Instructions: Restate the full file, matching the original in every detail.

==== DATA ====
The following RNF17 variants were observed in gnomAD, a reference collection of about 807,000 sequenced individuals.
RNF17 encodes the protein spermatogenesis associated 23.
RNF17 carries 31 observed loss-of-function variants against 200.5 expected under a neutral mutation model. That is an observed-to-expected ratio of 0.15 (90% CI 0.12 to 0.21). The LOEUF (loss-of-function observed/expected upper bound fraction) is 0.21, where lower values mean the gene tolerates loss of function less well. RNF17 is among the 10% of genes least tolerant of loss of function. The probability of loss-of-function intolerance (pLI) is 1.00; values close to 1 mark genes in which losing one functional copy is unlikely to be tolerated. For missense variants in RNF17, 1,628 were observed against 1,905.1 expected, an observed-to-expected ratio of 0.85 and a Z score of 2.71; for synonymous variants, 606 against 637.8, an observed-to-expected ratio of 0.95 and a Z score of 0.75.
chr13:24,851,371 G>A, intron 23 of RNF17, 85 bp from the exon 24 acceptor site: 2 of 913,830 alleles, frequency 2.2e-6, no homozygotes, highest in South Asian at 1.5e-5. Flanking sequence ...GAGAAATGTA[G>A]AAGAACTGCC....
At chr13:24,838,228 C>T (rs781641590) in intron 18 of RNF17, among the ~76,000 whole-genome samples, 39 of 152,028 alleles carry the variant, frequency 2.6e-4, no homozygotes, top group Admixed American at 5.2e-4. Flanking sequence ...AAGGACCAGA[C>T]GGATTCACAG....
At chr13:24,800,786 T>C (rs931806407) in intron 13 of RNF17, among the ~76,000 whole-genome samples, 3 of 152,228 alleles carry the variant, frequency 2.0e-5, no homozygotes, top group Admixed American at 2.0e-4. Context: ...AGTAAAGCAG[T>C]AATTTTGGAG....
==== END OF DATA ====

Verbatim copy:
The following RNF17 variants were observed in gnomAD, a reference collection of about 807,000 sequenced individuals.
RNF17 encodes the protein spermatogenesis associated 23.
RNF17 carries 31 observed loss-of-function variants against 200.5 expected under a neutral mutation model. That is an observed-to-expected ratio of 0.15 (90% CI 0.12 to 0.21). The LOEUF (loss-of-function observed/expected upper bound fraction) is 0.21, where lower values mean the gene tolerates loss of function less well. RNF17 is among the 10% of genes least tolerant of loss of function. The probability of loss-of-function intolerance (pLI) is 1.00; values close to 1 mark genes in which losing one functional copy is unlikely to be tolerated. For missense variants in RNF17, 1,628 were observed against 1,905.1 expected, an observed-to-expected ratio of 0.85 and a Z score of 2.71; for synonymous variants, 606 against 637.8, an observed-to-expected ratio of 0.95 and a Z score of 0.75.
chr13:24,851,371 G>A, intron 23 of RNF17, 85 bp from the exon 24 acceptor site: 2 of 913,830 alleles, frequency 2.2e-6, no homozygotes, highest in South Asian at 1.5e-5. Flanking sequence ...GAGAAATGTA[G>A]AAGAACTGCC....
At chr13:24,838,228 C>T (rs781641590) in intron 18 of RNF17, among the ~76,000 whole-genome samples, 39 of 152,028 alleles carry the variant, frequency 2.6e-4, no homozygotes, top group Admixed American at 5.2e-4. Flanking sequence ...AAGGACCAGA[C>T]GGATTCACAG....
At chr13:24,800,786 T>C (rs931806407) in intron 13 of RNF17, among the ~76,000 whole-genome samples, 3 of 152,228 alleles carry the variant, frequency 2.0e-5, no homozygotes, top group Admixed American at 2.0e-4. Context: ...AGTAAAGCAG[T>C]AATTTTGGAG....